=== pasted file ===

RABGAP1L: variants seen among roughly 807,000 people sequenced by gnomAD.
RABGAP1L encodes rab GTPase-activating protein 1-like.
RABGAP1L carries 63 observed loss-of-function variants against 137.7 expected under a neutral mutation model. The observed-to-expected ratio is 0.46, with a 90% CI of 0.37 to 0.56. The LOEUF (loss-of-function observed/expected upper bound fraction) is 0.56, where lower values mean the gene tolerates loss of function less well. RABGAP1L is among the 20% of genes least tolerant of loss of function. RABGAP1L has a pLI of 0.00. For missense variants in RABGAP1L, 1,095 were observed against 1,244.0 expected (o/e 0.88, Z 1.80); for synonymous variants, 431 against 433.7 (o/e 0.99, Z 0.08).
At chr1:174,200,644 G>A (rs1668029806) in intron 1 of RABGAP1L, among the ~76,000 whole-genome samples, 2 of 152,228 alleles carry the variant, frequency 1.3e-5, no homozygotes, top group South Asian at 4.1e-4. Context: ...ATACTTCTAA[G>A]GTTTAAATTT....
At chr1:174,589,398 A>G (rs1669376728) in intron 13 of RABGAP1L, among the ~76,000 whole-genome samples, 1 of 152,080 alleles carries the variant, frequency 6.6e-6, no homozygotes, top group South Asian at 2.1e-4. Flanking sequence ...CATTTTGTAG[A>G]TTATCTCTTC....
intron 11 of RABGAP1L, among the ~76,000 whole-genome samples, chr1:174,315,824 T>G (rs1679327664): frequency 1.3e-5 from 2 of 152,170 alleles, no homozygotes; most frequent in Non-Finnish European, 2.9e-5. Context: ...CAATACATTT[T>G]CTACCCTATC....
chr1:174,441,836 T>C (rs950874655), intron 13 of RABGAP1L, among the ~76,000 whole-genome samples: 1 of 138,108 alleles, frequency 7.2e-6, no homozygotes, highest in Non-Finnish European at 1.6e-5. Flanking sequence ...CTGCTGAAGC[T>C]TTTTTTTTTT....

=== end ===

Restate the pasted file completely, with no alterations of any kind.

RABGAP1L: variants seen among roughly 807,000 people sequenced by gnomAD.
RABGAP1L encodes rab GTPase-activating protein 1-like.
RABGAP1L carries 63 observed loss-of-function variants against 137.7 expected under a neutral mutation model. The observed-to-expected ratio is 0.46, with a 90% CI of 0.37 to 0.56. The LOEUF (loss-of-function observed/expected upper bound fraction) is 0.56, where lower values mean the gene tolerates loss of function less well. RABGAP1L is among the 20% of genes least tolerant of loss of function. RABGAP1L has a pLI of 0.00. For missense variants in RABGAP1L, 1,095 were observed against 1,244.0 expected (o/e 0.88, Z 1.80); for synonymous variants, 431 against 433.7 (o/e 0.99, Z 0.08).
At chr1:174,200,644 G>A (rs1668029806) in intron 1 of RABGAP1L, among the ~76,000 whole-genome samples, 2 of 152,228 alleles carry the variant, frequency 1.3e-5, no homozygotes, top group South Asian at 4.1e-4. Context: ...ATACTTCTAA[G>A]GTTTAAATTT....
At chr1:174,589,398 A>G (rs1669376728) in intron 13 of RABGAP1L, among the ~76,000 whole-genome samples, 1 of 152,080 alleles carries the variant, frequency 6.6e-6, no homozygotes, top group South Asian at 2.1e-4. Flanking sequence ...CATTTTGTAG[A>G]TTATCTCTTC....
intron 11 of RABGAP1L, among the ~76,000 whole-genome samples, chr1:174,315,824 T>G (rs1679327664): frequency 1.3e-5 from 2 of 152,170 alleles, no homozygotes; most frequent in Non-Finnish European, 2.9e-5. Context: ...CAATACATTT[T>G]CTACCCTATC....
chr1:174,441,836 T>C (rs950874655), intron 13 of RABGAP1L, among the ~76,000 whole-genome samples: 1 of 138,108 alleles, frequency 7.2e-6, no homozygotes, highest in Non-Finnish European at 1.6e-5. Flanking sequence ...CTGCTGAAGC[T>C]TTTTTTTTTT....